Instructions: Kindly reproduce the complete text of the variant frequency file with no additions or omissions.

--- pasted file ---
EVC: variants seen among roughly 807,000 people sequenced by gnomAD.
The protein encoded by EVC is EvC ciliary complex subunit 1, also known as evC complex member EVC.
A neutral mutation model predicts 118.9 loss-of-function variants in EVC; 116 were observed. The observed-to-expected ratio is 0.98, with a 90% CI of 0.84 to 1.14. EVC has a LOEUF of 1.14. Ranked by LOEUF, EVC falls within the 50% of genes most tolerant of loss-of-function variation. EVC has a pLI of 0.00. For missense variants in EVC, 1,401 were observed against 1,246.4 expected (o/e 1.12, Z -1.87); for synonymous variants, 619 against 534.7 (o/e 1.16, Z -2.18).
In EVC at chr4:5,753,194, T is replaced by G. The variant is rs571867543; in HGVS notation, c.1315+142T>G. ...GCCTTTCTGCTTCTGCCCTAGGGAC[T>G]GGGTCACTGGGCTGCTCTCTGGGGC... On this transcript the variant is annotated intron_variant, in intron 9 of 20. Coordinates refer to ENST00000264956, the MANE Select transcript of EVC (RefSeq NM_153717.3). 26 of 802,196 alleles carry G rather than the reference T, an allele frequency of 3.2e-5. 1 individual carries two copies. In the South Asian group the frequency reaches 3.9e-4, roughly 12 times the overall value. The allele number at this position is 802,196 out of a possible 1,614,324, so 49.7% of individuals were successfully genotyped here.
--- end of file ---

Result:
EVC: variants seen among roughly 807,000 people sequenced by gnomAD.
The protein encoded by EVC is EvC ciliary complex subunit 1, also known as evC complex member EVC.
A neutral mutation model predicts 118.9 loss-of-function variants in EVC; 116 were observed. The observed-to-expected ratio is 0.98, with a 90% CI of 0.84 to 1.14. EVC has a LOEUF of 1.14. Ranked by LOEUF, EVC falls within the 50% of genes most tolerant of loss-of-function variation. EVC has a pLI of 0.00. For missense variants in EVC, 1,401 were observed against 1,246.4 expected (o/e 1.12, Z -1.87); for synonymous variants, 619 against 534.7 (o/e 1.16, Z -2.18).
In EVC at chr4:5,753,194, T is replaced by G. The variant is rs571867543; in HGVS notation, c.1315+142T>G. ...GCCTTTCTGCTTCTGCCCTAGGGAC[T>G]GGGTCACTGGGCTGCTCTCTGGGGC... On this transcript the variant is annotated intron_variant, in intron 9 of 20. Coordinates refer to ENST00000264956, the MANE Select transcript of EVC (RefSeq NM_153717.3). 26 of 802,196 alleles carry G rather than the reference T, an allele frequency of 3.2e-5. 1 individual carries two copies. In the South Asian group the frequency reaches 3.9e-4, roughly 12 times the overall value. The allele number at this position is 802,196 out of a possible 1,614,324, so 49.7% of individuals were successfully genotyped here.